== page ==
Here are some more tips for improving your relationships.

  • Don’t forget the niceties. With longstanding relationships, it’s easy to take the other person for granted. Try the opposite approach. Say “please” and “thank you” often. Be generous with hugs and kisses. Use the person’s name (or pet name) when speaking to them. And always be warm, open and friendly. Smile!
  • Be empathetic. If your partner, friend or colleague is upset about something, resist the urge to tell them what they did wrong or how they can fix the problem (unless they ask). Just listen and offer a sympathetic ear. Try saying, “I’m so sorry that happened.”
  • Help without being asked. It’s easy to pitch in when someone asks for help. But only a true friend will step up before they’re asked — when they can see someone is struggling. Just make sure you’re offering specific assistance (“I’m going to make dinner for you and bring it over, okay?”) rather than a vague query (“Is there anything I can do to help?”).
  • Apologize. When you make a mistake, take responsibility for it. Fess up, say you’re sorry, and offer to make things right. No one wants to hear a lot of excuses or finger-pointing. People naturally gravitate toward those who take responsibility for their actions.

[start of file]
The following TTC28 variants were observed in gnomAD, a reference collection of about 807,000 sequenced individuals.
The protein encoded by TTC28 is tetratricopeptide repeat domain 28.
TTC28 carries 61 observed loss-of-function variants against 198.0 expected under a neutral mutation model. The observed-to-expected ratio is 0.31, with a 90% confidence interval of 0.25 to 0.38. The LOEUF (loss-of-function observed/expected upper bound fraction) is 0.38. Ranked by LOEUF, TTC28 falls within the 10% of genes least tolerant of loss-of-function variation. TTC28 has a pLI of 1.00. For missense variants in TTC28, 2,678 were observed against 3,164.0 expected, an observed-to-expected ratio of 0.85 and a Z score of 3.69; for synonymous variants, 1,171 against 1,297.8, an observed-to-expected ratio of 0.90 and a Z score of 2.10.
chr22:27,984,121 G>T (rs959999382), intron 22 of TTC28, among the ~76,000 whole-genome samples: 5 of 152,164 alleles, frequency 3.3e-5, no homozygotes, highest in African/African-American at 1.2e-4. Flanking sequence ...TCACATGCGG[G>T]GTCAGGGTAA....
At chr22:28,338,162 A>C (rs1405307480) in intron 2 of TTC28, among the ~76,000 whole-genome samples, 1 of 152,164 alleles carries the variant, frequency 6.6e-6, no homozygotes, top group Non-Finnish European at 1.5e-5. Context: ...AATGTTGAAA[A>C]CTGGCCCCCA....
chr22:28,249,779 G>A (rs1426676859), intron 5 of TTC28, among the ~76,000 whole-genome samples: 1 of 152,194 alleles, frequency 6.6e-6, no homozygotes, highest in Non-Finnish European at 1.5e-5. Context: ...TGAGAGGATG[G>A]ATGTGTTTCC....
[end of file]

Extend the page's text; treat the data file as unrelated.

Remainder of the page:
• Clarify your needs. If you want something from someone, especially at work, ask for it clearly. Specify what you need, by when, and what it should look like. Clarifying your expectations can head off a lot of confusion for others and disappointment for you. Not a bad idea for significant others as well.
  • Stay in e-touch. Technology makes it easier than ever to stay connected. Besides email and texting, you can also reach out via social networking sites like Facebook, Skype or FaceTime (video chats), Instagram (photos, videos), or Pinterest (recipes, ideas, tips). Just remember, a text is no substitute for a good old-fashioned visit.

In the spirit of the holidays, here’s one last relationship tip that’s good any time of the year, but especially during this week of giving.

  • Give first, and expect nothing in return. Too often in relationships, we find ourselves selfishly asking, “What’s in it for me?” Try focusing on the other person instead. When you give of yourself freely to others, without expecting anything in return, you attract those same kinds of people to you. You also experience the true joy of giving.